Just as he did when he was part of the U.S. bobsled team, Brock Kreitzburg is packing energy bars, meal supplements and a week's worth of clothes into a duffel bag for a journey to a foreign land.
For this trip, he's also got some new accessories: an earthquake kit and a radioactivity detector.
The 2006 Olympian and retired bobsled push athlete is leaving his Los Angeles home on Thursday for an 11-hour flight to Japan, where he plans to spend three months working on recovery efforts following the massive 9.0-magnitude earthquake and tsunami on March 11 that killed more than 13,000 and has left at least another 14,000 missing.
"My faith plays an enormous part in my everyday life," Kreitzburg said in an interview with The Associated Press. "I think I'm more nervous than anything else. I've had such a strong desire to go over. The more that happens, the more I want to go over and serve the people over there. I raised $6,000 for this in four weeks. I couldn't raise $6,000 in four years bobsledding."
Kreitzburg has been working for a nonprofit company, although holding down an office job didn't quite satisfy his need for action. Bobsledders by nature tend to be thrill-seekers, and after injuries finally forced him to retire from the sport, Kreitzburg found many jobs working as a stuntman in Hollywood.
This trip is no stunt.
In Kreitzburg's eyes, it couldn't be more real.
"Olympians do give back and it's not always about take, take, take, for us," Kreitzburg said. "We understand how fortunate we have been and now it's an opportunity for me to give back. There are many athletes out there in their communities serving, though there is not much news about it. I hope to serve as an example of what we do after the games."
Although he doesn't exactly know what to expect, Kreitzburg will be working amid widespread devastation in northern Japan, and has been told not to count on basic services like running water. And radiation leaks, part of the massive failure of cooling and power systems at a nuclear plant, are a constant worry.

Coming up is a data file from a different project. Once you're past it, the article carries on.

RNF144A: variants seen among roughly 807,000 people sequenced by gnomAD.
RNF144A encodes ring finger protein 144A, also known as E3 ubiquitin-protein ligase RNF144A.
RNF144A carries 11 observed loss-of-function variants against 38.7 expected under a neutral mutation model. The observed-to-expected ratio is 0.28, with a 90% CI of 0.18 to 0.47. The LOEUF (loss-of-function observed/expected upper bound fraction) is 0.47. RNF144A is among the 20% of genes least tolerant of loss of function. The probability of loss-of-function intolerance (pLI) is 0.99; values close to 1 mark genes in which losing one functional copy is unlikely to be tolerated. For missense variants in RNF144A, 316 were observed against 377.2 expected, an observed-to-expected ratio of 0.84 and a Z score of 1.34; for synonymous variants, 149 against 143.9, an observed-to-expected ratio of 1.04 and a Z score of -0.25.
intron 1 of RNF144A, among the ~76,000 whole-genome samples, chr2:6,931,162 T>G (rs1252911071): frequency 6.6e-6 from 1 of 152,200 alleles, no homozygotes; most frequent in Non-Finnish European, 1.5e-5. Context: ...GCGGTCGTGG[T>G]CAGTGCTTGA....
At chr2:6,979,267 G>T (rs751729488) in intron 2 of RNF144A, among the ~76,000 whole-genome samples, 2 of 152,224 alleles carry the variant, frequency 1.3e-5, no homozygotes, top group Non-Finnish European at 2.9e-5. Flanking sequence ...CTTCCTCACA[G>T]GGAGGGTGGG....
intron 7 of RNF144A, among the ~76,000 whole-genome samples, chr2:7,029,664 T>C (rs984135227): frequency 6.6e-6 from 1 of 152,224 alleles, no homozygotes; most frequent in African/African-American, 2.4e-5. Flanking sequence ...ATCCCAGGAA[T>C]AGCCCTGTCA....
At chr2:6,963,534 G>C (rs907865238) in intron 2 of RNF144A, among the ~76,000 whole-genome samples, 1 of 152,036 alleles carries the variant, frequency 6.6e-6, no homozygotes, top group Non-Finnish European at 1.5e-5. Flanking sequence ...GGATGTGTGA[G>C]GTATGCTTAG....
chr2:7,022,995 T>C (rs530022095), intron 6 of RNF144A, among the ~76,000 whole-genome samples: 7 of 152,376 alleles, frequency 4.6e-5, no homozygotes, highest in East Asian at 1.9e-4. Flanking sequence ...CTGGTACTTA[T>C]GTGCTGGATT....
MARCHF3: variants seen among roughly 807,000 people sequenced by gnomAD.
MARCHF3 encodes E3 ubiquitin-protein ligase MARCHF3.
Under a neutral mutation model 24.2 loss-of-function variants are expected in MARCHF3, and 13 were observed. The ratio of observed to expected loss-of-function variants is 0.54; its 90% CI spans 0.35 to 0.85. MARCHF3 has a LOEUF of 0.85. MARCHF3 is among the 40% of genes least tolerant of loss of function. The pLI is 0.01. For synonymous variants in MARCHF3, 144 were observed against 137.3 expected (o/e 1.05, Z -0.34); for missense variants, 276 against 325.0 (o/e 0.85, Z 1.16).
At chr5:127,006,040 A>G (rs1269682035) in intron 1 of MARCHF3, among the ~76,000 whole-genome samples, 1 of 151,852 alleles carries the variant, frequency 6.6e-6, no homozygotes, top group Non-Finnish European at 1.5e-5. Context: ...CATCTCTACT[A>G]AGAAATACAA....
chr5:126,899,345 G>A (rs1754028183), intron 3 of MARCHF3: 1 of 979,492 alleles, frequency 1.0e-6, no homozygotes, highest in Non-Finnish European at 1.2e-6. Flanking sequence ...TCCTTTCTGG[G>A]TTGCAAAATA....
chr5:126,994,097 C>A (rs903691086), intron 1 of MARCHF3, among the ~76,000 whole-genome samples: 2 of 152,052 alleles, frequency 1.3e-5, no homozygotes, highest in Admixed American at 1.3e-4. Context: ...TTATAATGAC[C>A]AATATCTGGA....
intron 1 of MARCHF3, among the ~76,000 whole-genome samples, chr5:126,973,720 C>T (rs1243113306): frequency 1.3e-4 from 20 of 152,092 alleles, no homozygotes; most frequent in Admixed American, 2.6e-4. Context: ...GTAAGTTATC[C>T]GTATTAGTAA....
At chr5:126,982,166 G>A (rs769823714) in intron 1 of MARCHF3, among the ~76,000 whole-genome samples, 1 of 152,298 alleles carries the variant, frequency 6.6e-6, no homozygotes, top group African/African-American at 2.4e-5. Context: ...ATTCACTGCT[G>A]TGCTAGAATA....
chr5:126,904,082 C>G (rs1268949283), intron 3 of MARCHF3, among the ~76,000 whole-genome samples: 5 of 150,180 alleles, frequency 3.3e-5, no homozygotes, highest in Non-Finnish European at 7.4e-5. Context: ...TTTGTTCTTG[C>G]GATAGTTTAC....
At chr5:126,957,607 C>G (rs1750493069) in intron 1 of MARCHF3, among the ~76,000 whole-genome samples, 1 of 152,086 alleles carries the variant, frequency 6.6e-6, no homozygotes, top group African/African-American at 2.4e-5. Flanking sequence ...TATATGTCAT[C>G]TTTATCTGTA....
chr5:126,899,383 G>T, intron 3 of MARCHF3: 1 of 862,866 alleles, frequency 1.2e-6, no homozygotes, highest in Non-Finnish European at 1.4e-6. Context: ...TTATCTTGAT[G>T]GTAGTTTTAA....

He will be working as a volunteer, and expenses are a concern. He's able to make the trip partly because he found an easily affordable round-trip flight — $51.30. Kreitzburg said Alaska Airlines donated air miles toward relief efforts, and he was able to get enough of those to essentially get a free ticket.
He's only paying taxes and fees.
"To me, that's a sign," Kreitzburg said.
Nonetheless, some members of Kreitzburg's family have tried to talk him out of the trip, fearing for his safety. Even Kreitzburg will acknowledge that he is not yet mentally prepared to see the sort of devastation, grief and anguish that await him in Japan, a country he has never before visited.
He has been studying the language and customs, trying to pick up the absolute basics for communication.
"They are very proud people," Kreitzburg said. "I want to help."
This is not the first time Kreitzburg has felt compelled to join disaster relief efforts. He applied for work in Haiti following the earthquake that devastated the Port-au-Prince region there last year.
And he's not the only part of the U.S. Bobsled and Skeleton Federation to feel compelled to act following the Japan disaster. One of the U.S. team chiropractors, Tetsuya Hasegawa, is from Japan and has been raising funds to assist with the relief effort through a group called Operation Hope for Japan.
"A lot of teams are doing things to help," USBSF spokeswoman Amanda Bird said.
The way Kreitzburg sees it, he's simply joining a new team.
An athlete his entire life, Kreitzburg was in training camp with the Tampa Bay Buccaneers in 1999, turned his attention to bobsledding in 2002, and represented his country in the Turin Games four years later, helping the U.S. to a seventh-place finish in the four-man event.
Chronic hip problems — doctors once told him he'd be wheelchair-bound within a decade — eventually forced him out of the sport, and he still deals with pain on a daily basis.
It's not stopping him from going to work long hours in Japan.
"I have to be a hands-on, helping-people, be-interactive person," Kreitzburg said. "I've always been like that."
He's aligning with a group known as CRASH — the acronym stands for Christian Relief, Assistance, Support and Hope — once he gets to Japan, though he said several organizations are joining forces to tackle whatever they can as a collective unit.
He'll also be writing a blog for the U.S. Olympic Committee, hoping to update it every few days while in Japan.
"I honestly don't know what I'm getting myself into," Kreitzburg said. "I really, really don't. There's a little bit of a walk of faith that I'm doing, like 'OK God, I really don't know what I'm getting myself into.' It's going to be a learning experience for me and this is something, relief-type work in other countries, that I want to do for the rest of my life."
CRASH Japan site: http://www.crashjapan.com/
Operation Hope for Japan: http://www.operationhopeforjapan.org/